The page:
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Perspectives on the pricing of Energy

Mahmud S. Amin, Assistant Secretary General

Util the prices of various alternative sources of energy are linked by a specific formula, the world will continue to move perilously close to the precipice of a real energy crisis. Lacking such a formula the crisis will result from the interplay of the following factors :

1) Inordinate Consumption of Energy Resources

Oil reserves account for only one-fourth of the world’ s total energy reserves, yet they go meet the greater part of world energy needs. On the other hand, the dominant commercial fuel of past days - coal - makes up 70% of the world’ s energy reserves but meets only one-fourth of its demand. The ideal situation would be for each energy source to be consumed in proportion to its share in total world reserves. This was the case prior to World War II, but in the postwar period pressure was applied to keep the price of oil low, which led to its inordinate consumption during the’ 50s and ’60s. Because of its unique qualities, the use of oil should be confined to internal combustion engines and to feedstock for the petrochemical industry, and not for power stations or as boiler fuel, for which coal is more appropriate.

2) Failure to Develop Sources of Energy
Incentives to develop energy alternatives, such as coal, tar sands and oil shale, were killed or, at least weakened, by the policy of cheap oil and the abnormal haste in its consumption. Resarchers and industrialists, enticed by the advantages of cheap oil, worked to develop new methods for its production and transportation. Pipelines replaced railroads as the means of transport of oil, and the less efficient method of percussion drilling gave way to the rotary method, making it possible to drill more and dreeper wells at lower cost. On the other hand, despite the technological developments required for the production, transportation and processing of coal and other sources, their technology was allowed to languish.

3) Failure to Develop Offshore Exploration, Drilling and Production Technology
Even for petroleum, efforts forcused on the exploration and development of easly explorable areas, because the freezing of oil prices in the ’50s and ’60s discouraged exploration and production in inacessible areas and in the polar regions and deep waters where operating costs were high, or adequate exploration and production technology was lacking.

Although the ultimately recoverable reserves of oil contained in the earth’ s crust are recognized to be in excess of 2000 billion barrels, only half of this volume has been explored to date. The remainder is awaiting the development of new exploration and develpment tools. These tools cannot be developed, however, unless oil prices are increased. As is well-known, the high cost of production og oil from the North Sea - around $ 7 a barrel - would have deterred the exploration and development of most of the North Sea oilfields had it not been for the 1973 oil-price increase.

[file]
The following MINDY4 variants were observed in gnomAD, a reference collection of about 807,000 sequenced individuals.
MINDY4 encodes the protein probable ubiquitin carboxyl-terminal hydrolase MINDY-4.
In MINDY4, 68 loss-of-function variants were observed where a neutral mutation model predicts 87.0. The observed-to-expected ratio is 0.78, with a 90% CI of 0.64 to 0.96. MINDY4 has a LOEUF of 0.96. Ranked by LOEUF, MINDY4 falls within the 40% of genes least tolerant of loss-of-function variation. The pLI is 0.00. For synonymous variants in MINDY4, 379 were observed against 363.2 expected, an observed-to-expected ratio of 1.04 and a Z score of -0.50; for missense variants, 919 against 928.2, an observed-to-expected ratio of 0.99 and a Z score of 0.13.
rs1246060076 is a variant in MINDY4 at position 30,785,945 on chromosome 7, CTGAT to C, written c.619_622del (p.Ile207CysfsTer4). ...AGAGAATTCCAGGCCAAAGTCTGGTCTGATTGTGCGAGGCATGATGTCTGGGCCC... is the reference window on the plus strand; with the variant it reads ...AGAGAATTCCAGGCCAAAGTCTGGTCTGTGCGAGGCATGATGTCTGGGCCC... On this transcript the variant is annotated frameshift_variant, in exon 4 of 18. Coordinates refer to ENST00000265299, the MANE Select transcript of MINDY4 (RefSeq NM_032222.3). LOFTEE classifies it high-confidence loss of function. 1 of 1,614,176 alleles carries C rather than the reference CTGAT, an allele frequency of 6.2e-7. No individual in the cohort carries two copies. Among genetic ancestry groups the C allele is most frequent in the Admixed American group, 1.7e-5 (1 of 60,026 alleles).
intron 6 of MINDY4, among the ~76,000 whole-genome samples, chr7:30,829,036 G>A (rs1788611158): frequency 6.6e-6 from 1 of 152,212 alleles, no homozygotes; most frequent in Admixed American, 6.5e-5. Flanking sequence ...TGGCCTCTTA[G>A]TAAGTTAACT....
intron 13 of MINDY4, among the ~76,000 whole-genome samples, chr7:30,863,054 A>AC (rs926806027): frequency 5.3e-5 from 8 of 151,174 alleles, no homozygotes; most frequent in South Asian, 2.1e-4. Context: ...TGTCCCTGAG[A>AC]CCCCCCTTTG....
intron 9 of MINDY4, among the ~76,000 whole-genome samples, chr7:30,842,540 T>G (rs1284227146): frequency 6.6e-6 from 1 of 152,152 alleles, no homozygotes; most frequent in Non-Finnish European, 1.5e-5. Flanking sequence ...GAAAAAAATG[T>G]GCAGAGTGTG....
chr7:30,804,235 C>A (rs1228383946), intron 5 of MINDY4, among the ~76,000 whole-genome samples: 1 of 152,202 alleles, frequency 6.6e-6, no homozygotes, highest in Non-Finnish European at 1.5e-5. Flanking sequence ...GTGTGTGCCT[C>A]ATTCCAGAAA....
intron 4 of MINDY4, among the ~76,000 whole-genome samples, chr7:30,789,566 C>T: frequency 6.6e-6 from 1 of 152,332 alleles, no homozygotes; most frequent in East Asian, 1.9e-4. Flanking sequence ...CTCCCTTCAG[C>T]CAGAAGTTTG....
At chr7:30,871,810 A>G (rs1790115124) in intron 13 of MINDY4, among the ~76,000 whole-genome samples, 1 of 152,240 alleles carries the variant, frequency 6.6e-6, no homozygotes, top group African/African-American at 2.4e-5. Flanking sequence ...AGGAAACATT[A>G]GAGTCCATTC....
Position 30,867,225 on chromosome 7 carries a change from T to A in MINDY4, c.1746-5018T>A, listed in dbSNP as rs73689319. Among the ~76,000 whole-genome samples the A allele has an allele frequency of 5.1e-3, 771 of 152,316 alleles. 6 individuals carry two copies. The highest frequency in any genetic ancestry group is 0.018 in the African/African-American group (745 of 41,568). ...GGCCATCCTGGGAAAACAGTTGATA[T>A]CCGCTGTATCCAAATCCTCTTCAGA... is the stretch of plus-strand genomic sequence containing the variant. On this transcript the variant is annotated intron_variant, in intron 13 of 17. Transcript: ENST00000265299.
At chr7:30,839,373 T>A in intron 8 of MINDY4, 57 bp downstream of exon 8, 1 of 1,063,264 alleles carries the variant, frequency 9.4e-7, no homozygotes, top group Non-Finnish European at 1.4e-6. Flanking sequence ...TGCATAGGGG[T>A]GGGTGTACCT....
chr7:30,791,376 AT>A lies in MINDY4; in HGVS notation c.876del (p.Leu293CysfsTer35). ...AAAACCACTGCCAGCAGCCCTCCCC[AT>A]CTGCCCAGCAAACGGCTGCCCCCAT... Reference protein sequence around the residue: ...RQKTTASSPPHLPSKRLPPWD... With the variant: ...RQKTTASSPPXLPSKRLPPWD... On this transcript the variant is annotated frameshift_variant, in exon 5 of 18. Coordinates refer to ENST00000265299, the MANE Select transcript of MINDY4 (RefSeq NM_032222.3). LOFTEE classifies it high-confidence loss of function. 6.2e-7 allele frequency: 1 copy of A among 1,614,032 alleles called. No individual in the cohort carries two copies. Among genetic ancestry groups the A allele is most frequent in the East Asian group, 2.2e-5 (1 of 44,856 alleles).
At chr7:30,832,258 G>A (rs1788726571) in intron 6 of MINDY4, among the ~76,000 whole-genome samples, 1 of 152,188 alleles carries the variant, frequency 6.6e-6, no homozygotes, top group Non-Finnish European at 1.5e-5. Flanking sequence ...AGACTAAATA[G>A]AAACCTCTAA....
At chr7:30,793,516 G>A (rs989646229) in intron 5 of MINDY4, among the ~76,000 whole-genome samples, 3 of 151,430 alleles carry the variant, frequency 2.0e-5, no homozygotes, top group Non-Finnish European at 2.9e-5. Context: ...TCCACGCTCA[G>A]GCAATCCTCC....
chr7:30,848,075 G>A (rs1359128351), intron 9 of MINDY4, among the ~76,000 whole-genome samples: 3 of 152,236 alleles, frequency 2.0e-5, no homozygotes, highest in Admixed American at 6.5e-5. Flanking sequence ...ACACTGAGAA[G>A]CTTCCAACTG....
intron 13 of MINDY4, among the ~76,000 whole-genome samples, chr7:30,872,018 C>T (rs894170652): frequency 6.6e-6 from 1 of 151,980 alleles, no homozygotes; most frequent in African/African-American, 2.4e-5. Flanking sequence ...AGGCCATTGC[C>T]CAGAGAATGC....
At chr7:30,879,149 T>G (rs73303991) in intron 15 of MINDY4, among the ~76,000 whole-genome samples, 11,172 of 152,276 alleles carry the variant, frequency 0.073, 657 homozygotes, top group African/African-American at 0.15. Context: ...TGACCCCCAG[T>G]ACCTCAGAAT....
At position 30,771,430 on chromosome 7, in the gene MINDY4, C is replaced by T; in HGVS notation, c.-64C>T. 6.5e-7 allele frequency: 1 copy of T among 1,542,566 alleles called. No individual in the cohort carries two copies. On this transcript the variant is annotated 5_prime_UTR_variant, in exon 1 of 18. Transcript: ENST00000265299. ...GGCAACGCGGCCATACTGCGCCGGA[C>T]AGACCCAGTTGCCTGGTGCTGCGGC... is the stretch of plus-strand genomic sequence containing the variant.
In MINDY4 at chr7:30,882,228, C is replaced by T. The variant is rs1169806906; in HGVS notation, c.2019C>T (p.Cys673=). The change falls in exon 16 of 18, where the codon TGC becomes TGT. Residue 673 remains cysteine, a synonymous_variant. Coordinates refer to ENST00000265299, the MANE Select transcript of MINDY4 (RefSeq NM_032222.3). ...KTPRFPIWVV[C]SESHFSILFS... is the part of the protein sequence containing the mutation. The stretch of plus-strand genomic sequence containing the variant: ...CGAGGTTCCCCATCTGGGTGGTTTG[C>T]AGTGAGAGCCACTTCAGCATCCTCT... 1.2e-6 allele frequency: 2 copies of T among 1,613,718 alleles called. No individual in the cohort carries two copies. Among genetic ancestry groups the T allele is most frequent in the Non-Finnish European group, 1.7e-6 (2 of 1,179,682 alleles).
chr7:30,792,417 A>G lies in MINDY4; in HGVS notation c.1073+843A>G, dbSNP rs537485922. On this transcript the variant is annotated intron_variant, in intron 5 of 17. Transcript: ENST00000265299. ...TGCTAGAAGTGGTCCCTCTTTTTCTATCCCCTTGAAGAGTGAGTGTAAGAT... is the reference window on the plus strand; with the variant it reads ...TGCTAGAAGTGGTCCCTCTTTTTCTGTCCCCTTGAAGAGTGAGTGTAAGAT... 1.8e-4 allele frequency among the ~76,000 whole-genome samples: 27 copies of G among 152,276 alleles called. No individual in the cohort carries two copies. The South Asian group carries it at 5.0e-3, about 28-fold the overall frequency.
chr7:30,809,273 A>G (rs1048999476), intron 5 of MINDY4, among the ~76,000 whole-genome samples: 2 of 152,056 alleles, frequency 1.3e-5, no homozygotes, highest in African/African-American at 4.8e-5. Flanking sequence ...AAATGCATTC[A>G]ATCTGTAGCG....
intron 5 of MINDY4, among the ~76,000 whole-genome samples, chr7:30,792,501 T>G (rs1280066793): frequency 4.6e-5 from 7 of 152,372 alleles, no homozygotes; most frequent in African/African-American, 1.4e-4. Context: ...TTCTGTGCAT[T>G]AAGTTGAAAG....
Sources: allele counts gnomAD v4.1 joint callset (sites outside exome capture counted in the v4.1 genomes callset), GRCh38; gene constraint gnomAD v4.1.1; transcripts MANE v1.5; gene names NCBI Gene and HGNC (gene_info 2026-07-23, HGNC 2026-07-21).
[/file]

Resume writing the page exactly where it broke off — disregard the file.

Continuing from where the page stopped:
4) Drop in Oil Recovery Rates
The rate of recovery of oil in place varies from 25% to 30%. While secondary and tertiary recovery methods can increase this rate, the cost involved is so prohibitive as to exceed the cost of oil produced Oil reserves thus have remained largely untapped.

During the 1960s, the employment of methods for enhanced recovery was scarcely promoted by the freeze on and later drop in oil prices. In this connection it is worth noting that, as a result of the relative increase in oil prices in 1974, a great quantity of oil was produced in the U.S. from wells abandoned when oil was cheap.

5) Wasteful Use of Rnergy
It is perhaps here that the consequences of the freeze on and low prices of oil are most visible, especially in the U.S. , where consumption of energy per capita is almost double that in West Germany. Prodigality in consumption is seen everywhere : in the dearth of adequate insulation in buildings (since enrgy for heating and cooling is still cheaper than insulating material), in the use of "gas guzzlers" and in industry. The efficient use of energy in cars, electrical gadgets, household equipment and other machinery can only be achived trough higher prices

It is evident that the relatively cheap price of oil is the stimulator of elements that could ultimately precipitate a real energy crisis. What is needed is a formula linking the price of oil with the prices of alternative enrergy sources, taking into account the comparative costs of production, available reserves and the unique characteristics of oil. Such a formula would have the effect of raising oil prices, and thus influence economic growth in the consuming countries. But the experience of the quadrupling of oil prices in 1974 indicates that, altough the rise had a definite impact on economic growth, this impact was reflected with greatest intensity during during the years 1974 and 1975 and declined there-after. If the price of oil is linked with the prices of alternative sources of energy, making sure that the link is gradual, say over a five to ten-year period, the effect of rising oil prices on economic growth could then be contained.

With this formula, alternative sources of energy would meet their fair share of world demand, exploration techniques would be improved, and ates of recovery would be enhanced. Also, the consumer would be made minful of the need not to waste energy.

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